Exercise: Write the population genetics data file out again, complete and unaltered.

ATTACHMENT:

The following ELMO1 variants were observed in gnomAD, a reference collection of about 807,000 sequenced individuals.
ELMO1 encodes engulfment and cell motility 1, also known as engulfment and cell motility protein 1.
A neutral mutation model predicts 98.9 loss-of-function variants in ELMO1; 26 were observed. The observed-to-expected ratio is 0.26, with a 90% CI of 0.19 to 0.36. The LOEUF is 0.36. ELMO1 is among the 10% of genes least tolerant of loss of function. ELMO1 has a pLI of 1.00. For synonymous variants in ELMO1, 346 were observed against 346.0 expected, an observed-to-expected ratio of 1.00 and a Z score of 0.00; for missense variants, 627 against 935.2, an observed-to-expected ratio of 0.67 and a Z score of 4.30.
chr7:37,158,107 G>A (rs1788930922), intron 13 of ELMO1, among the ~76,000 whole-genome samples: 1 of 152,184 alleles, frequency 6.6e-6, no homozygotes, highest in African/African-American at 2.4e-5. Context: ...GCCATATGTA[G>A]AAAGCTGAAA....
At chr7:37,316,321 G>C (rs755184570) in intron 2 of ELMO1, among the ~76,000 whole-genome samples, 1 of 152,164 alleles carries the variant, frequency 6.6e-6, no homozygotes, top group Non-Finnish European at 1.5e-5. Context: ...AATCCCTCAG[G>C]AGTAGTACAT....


The following ELMO1 variants were observed in gnomAD, a reference collection of about 807,000 sequenced individuals.
ELMO1 encodes engulfment and cell motility 1, also known as engulfment and cell motility protein 1.
A neutral mutation model predicts 98.9 loss-of-function variants in ELMO1; 26 were observed. The observed-to-expected ratio is 0.26, with a 90% CI of 0.19 to 0.36. The LOEUF is 0.36. ELMO1 is among the 10% of genes least tolerant of loss of function. ELMO1 has a pLI of 1.00. For synonymous variants in ELMO1, 346 were observed against 346.0 expected, an observed-to-expected ratio of 1.00 and a Z score of 0.00; for missense variants, 627 against 935.2, an observed-to-expected ratio of 0.67 and a Z score of 4.30.
chr7:37,158,107 G>A (rs1788930922), intron 13 of ELMO1, among the ~76,000 whole-genome samples: 1 of 152,184 alleles, frequency 6.6e-6, no homozygotes, highest in African/African-American at 2.4e-5. Context: ...GCCATATGTA[G>A]AAAGCTGAAA....
At chr7:37,316,321 G>C (rs755184570) in intron 2 of ELMO1, among the ~76,000 whole-genome samples, 1 of 152,164 alleles carries the variant, frequency 6.6e-6, no homozygotes, top group Non-Finnish European at 1.5e-5. Context: ...AATCCCTCAG[G>C]AGTAGTACAT....